The Family Photograph in a Globalized World

John Clang’s photographic project ‘Being Together’ critically interrogates the family photograph in an increasingly globalized world. As a resident of New York, Clang made a recording of his family in Singapore via Skype. He then projected this recording into his living space, thus cunningly re-performing a classical family portrait. In the photograph titled ‘Being Together (Family)’, Clang purposefully aligns himself with his parents and his brother, all of whom smile into the camera, to create an image that bears many similarities with a standard photograph from a family album.

Yet beyond this initial impression, Clang’s methods quickly unravel. The projector which projects the Skype image creates a strong shadow: the outline of Clang’s spiky haircut thus appears disproportionally large. While the original Skype recording was produced with available daylight shining through the window of his parent’s flat in Singapore, the projection in New York was made in complete darkness. This contrast between light and dark further underlines the cultural, geographic and even temporal distance between the two subjects combined in the final image.

In order to produce these ‘family portraits’, Clang literally projected an image of his family onto himself. His body and his living space, for the duration of the projection, temporarily become a screen. He performs a version of himself: perhaps a version of how wants to see himself, or even, how his family in Singapore prefers to see him. Yet for the projection to work, Clang’s space bears no individual or personal belongings. His grey T-shirt and his minimalistic living space give very little of his personality away. Instead, we meet Clang through the projection of his family, through his relationship with his parents, or through his relationship with his brother.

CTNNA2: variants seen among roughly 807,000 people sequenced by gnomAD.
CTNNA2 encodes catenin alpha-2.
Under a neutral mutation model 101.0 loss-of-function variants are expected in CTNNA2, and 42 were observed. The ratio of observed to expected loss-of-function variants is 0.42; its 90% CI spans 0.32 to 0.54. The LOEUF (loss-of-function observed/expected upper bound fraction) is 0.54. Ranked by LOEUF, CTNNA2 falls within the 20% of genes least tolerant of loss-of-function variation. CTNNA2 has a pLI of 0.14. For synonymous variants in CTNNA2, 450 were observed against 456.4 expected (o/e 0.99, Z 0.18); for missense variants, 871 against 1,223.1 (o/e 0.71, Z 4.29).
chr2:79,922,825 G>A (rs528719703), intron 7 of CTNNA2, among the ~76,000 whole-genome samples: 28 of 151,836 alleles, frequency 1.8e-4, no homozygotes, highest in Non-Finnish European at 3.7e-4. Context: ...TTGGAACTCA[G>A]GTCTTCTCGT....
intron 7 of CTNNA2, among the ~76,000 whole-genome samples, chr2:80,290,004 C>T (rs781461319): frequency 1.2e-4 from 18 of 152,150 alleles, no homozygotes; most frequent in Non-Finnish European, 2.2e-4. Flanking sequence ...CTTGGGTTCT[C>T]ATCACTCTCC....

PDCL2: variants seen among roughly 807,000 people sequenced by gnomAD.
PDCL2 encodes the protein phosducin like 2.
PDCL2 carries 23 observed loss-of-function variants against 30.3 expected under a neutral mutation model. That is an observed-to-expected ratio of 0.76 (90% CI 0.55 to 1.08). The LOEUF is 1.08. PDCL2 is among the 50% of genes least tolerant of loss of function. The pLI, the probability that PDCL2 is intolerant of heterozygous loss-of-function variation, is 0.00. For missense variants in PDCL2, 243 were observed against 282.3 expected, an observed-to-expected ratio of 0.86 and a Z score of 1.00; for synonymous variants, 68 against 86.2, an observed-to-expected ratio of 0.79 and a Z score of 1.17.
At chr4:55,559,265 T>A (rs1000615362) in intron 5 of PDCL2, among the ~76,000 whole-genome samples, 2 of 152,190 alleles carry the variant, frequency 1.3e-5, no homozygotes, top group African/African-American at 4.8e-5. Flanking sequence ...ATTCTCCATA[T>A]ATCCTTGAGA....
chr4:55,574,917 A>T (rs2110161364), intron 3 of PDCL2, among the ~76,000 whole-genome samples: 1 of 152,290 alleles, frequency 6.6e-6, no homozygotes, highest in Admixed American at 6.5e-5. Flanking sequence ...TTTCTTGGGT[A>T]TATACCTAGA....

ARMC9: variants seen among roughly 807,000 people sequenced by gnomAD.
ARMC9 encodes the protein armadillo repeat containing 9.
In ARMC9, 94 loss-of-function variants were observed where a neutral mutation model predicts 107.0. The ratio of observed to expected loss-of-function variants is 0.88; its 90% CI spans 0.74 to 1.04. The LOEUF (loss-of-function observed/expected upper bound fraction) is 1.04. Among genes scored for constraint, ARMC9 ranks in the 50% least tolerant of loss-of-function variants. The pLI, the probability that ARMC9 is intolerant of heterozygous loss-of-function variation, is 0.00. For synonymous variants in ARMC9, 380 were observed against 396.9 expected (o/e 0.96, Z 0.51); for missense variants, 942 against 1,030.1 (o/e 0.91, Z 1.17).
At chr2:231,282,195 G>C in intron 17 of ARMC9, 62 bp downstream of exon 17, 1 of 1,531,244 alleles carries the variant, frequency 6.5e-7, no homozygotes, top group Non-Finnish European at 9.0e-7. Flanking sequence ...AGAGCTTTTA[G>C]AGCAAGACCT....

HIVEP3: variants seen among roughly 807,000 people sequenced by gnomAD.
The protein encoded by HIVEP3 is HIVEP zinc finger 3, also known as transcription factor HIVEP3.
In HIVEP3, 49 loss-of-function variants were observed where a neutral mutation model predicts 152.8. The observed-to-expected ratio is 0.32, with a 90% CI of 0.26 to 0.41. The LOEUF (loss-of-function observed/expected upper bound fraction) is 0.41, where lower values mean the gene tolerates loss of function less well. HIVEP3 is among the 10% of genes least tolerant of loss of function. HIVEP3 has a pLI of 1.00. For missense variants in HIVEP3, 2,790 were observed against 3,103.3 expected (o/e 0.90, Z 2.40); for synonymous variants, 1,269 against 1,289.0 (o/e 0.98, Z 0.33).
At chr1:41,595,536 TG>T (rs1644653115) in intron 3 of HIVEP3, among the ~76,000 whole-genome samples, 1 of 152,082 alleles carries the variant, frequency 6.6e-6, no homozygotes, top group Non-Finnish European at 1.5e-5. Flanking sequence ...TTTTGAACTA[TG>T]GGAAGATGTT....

In as much the project bears visual similarities with the classic family portrait, Clang also seeks to go beyond this standard image by positioning himself along his father sitting at a desk, or on a more personal level, by sitting next to his mother on her bed. They are signs that indicate that, in contrast to their physical separation, he seeks to be closer to them. The juxtaposition next to his brother is more playful as they try to establish who has the bigger biceps (the shadow of the projection gives the artist an unfair advantage in that regard).

The last image of this series is also the most symbolic. In the projected image, Clang stands in the doorway, seemingly ‘looking’ at his parents. The parents meanwhile look at an empty doorway the moment the original footage was taken. It’s a deeply ambiguous image that references loss, memory and nostalgia. In this project, combining performance, projection, video-link and Internet technology, Clang literally seeks to reach beyond the photographic image. They are portraits at the dawn of a new era in which any understanding of ‘being together’ is constantly shifting. In this world, spatial distance is substituted by technological proximity.

Become a supporter of the Visual Culture Blog and receive monthly updates and an exclusive interview with Joshua Lutz via email.

Like this Article? Subscribe to Our Feed!

2 thoughts on “The Family Photograph in a Globalized World

Leave a Reply

Your email address will not be published. Required fields are marked *